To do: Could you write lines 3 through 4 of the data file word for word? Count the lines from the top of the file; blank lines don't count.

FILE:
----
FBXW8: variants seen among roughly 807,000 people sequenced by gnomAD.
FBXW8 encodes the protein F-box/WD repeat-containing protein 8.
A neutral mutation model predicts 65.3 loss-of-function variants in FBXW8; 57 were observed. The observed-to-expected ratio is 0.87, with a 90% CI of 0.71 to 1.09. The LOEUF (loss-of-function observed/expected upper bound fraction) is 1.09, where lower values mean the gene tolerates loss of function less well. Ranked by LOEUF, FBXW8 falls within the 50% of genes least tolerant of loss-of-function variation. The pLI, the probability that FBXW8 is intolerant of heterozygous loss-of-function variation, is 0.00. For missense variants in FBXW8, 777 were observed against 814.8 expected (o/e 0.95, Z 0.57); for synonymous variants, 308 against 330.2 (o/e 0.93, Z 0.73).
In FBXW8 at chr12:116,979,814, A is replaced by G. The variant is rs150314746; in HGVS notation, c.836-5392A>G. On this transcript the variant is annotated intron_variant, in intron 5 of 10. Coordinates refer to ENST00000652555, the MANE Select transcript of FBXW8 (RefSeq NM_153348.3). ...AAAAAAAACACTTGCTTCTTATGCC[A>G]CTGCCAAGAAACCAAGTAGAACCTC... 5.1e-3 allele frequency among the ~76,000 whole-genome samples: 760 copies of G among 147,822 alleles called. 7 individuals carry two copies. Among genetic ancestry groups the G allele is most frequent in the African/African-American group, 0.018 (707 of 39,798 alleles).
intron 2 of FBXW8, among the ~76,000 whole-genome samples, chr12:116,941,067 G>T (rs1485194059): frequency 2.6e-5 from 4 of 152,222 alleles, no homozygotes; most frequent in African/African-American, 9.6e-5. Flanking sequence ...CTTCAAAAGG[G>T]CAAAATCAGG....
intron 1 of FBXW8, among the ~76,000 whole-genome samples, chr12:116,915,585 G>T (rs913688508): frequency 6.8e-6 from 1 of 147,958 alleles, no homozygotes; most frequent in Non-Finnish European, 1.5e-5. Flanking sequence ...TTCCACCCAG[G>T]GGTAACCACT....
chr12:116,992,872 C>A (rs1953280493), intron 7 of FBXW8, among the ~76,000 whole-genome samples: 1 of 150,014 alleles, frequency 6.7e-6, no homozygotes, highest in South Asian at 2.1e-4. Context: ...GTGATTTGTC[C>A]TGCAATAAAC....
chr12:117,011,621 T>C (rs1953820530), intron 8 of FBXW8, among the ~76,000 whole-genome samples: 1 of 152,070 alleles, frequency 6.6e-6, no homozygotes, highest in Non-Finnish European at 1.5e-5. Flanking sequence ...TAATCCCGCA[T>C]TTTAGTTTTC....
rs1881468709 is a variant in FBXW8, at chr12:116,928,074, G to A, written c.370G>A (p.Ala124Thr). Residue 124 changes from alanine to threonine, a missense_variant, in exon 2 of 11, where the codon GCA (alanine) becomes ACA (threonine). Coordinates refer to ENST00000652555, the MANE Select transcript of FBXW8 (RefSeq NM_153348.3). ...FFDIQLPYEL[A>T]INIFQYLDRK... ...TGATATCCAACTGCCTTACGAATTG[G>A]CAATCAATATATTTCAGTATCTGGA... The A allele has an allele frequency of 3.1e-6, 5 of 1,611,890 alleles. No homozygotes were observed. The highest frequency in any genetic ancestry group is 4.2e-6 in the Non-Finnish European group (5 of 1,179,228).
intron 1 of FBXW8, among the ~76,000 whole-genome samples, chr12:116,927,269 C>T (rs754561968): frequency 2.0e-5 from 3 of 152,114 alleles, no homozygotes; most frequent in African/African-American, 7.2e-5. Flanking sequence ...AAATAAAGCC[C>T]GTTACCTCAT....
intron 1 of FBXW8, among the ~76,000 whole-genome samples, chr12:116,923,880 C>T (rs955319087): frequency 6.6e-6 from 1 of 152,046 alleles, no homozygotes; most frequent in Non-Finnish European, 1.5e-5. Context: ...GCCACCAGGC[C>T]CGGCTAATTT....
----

A neutral mutation model predicts 65.3 loss-of-function variants in FBXW8; 57 were observed. The observed-to-expected ratio is 0.87, with a 90% CI of 0.71 to 1.09. The LOEUF (loss-of-function observed/expected upper bound fraction) is 1.09, where lower values mean the gene tolerates loss of function less well. Ranked by LOEUF, FBXW8 falls within the 50% of genes least tolerant of loss-of-function variation. The pLI, the probability that FBXW8 is intolerant of heterozygous loss-of-function variation, is 0.00. For missense variants in FBXW8, 777 were observed against 814.8 expected (o/e 0.95, Z 0.57); for synonymous variants, 308 against 330.2 (o/e 0.93, Z 0.73).
In FBXW8 at chr12:116,979,814, A is replaced by G. The variant is rs150314746; in HGVS notation, c.836-5392A>G. On this transcript the variant is annotated intron_variant, in intron 5 of 10. Coordinates refer to ENST00000652555, the MANE Select transcript of FBXW8 (RefSeq NM_153348.3). ...AAAAAAAACACTTGCTTCTTATGCC[A>G]CTGCCAAGAAACCAAGTAGAACCTC... 5.1e-3 allele frequency among the ~76,000 whole-genome samples: 760 copies of G among 147,822 alleles called. 7 individuals carry two copies. Among genetic ancestry groups the G allele is most frequent in the African/African-American group, 0.018 (707 of 39,798 alleles).